Bridging Peer-to-Peer’s Culture Gap

Clay ShirkyIn the view of Clay Shirky, a writer, consultant and senior analyst with O’Reilly & Associates Inc., peer-to-peer computing isn’t just good for the communications needs of business; it can also transform how companies interact with their IT departments. CIO Insight chatted with Shirky about the new look P2P computing will bring to corporate culture.

CIO Insight: Why is peer-to-peer necessary? Why can’t companies use intranets for interpersonal communication?

SHIRKY: The intranet has not worked for two reasons: It’s pull, and it’s centralized. Let’s say there’s a document updated by one department, and you don’t want changes to be e-mailed to you every morning. But the minute you say, “Let’s build a Web site and people can go check it every day,” you know that’s going to fail. The centralized nature of the Web means that people need to keep two things in their mind at one time, which is hard: First, I need to finish my work (but don’t have enough time). Second, at the end of the day, I need to upload changes to the intranet. Anyone who actually does that is a space alien. It just doesn’t happen. In storing and collaborating on files, people have simply adopted solutions that let them do things they want to do, whether IT likes it or not.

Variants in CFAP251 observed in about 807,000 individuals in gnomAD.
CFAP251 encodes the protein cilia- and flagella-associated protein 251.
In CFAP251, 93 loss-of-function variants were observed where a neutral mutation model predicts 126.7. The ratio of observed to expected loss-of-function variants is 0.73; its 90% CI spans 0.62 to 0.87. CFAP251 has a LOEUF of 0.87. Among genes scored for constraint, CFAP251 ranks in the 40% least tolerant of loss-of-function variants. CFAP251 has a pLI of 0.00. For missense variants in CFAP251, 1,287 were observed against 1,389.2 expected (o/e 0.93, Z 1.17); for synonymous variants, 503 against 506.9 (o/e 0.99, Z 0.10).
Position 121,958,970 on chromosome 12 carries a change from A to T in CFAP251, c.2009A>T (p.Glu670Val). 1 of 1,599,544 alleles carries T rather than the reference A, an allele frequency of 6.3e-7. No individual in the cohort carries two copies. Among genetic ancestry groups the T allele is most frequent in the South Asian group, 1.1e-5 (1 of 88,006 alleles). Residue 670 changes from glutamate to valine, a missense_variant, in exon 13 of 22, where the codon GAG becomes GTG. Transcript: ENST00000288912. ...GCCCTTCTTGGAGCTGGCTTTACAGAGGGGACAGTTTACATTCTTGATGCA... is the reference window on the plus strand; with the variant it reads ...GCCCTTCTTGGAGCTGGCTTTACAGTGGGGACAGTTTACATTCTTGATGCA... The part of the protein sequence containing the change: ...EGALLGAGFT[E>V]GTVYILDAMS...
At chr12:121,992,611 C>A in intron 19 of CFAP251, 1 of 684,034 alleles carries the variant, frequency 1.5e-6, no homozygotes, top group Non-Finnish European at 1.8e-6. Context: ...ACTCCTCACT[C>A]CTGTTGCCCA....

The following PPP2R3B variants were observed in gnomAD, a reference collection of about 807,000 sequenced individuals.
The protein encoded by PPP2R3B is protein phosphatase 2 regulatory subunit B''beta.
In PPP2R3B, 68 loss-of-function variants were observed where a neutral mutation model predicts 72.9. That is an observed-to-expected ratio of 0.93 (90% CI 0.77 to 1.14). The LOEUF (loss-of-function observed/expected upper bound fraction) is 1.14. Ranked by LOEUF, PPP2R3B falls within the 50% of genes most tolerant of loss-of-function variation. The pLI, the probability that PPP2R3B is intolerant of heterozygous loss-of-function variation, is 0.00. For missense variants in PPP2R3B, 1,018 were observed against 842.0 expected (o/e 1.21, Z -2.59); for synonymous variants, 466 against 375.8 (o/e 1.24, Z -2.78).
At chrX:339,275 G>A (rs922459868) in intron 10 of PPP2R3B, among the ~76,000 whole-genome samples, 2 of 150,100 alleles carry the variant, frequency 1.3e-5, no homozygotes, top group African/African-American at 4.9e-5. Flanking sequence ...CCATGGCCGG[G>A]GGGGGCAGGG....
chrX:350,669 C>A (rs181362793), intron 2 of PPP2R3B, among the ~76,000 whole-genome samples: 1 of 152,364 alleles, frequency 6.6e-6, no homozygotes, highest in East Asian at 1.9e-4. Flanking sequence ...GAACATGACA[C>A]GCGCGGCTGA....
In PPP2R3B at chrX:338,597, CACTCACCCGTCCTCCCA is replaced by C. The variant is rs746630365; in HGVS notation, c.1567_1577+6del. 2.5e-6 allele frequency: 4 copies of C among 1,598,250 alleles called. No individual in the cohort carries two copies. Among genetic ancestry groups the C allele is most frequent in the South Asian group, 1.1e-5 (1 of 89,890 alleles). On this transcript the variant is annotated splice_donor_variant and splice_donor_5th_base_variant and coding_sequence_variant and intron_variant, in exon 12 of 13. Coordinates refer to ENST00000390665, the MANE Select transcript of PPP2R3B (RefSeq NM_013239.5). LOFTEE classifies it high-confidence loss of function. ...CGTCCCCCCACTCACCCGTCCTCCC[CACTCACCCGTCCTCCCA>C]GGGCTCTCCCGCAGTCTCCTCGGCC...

What should IT’s response to peer-to-peer be?

The classic CIO problem is that his business is a profit-maximizing enterprise, but the IT department is not. Anyone who’s ever worked as an IT manager knows that there’s very little upside in doing something with risk. There is a culture of risk aversion that puts them at odds with employees. That historical tension has led to a culture where IT will prohibit people from doing things via policies or technology or some combination of the two.

If you were to ask the average IT department, “Do you think the average user is smart enough to download and install his or her own Web server?” they would laugh until milk came out of their noses. But that’s what Napster is. Part of it is a cultural inability to see that the rules of the game are changing, allowing user configuration of not just the desktop, but the user’s relationship to the corporate network.

What are the potential advantages of peer-to-peer to users and to IT?

Peer-to-peer moves a lot of the hassle of maintenance of the system on to the users on the edges of the network. It decentralizes a lot of the workload. For example, if you wanted to host files on your own hard disk, it would take you weeks to create a budget with IT, get a domain name registered, then make your files available. Napster showed us you don’t need to do any of that. You can download your software and have human-readable names and be trading files in five minutes. You’ve got all this potential upside for the IT department to get rid of the boring servicing of users. So we can make things more flexible for employees, with less hassle for the IT department.

I don’t mean to suggest that this is going to be some victory over the IT department by the forces of right and truth. There are still big problems. But the history of giving users more control is that it lowers costs at the center of administration, increases dynamism and lets businesses become more profitable—or at least to run at the same efficiency with less cost.

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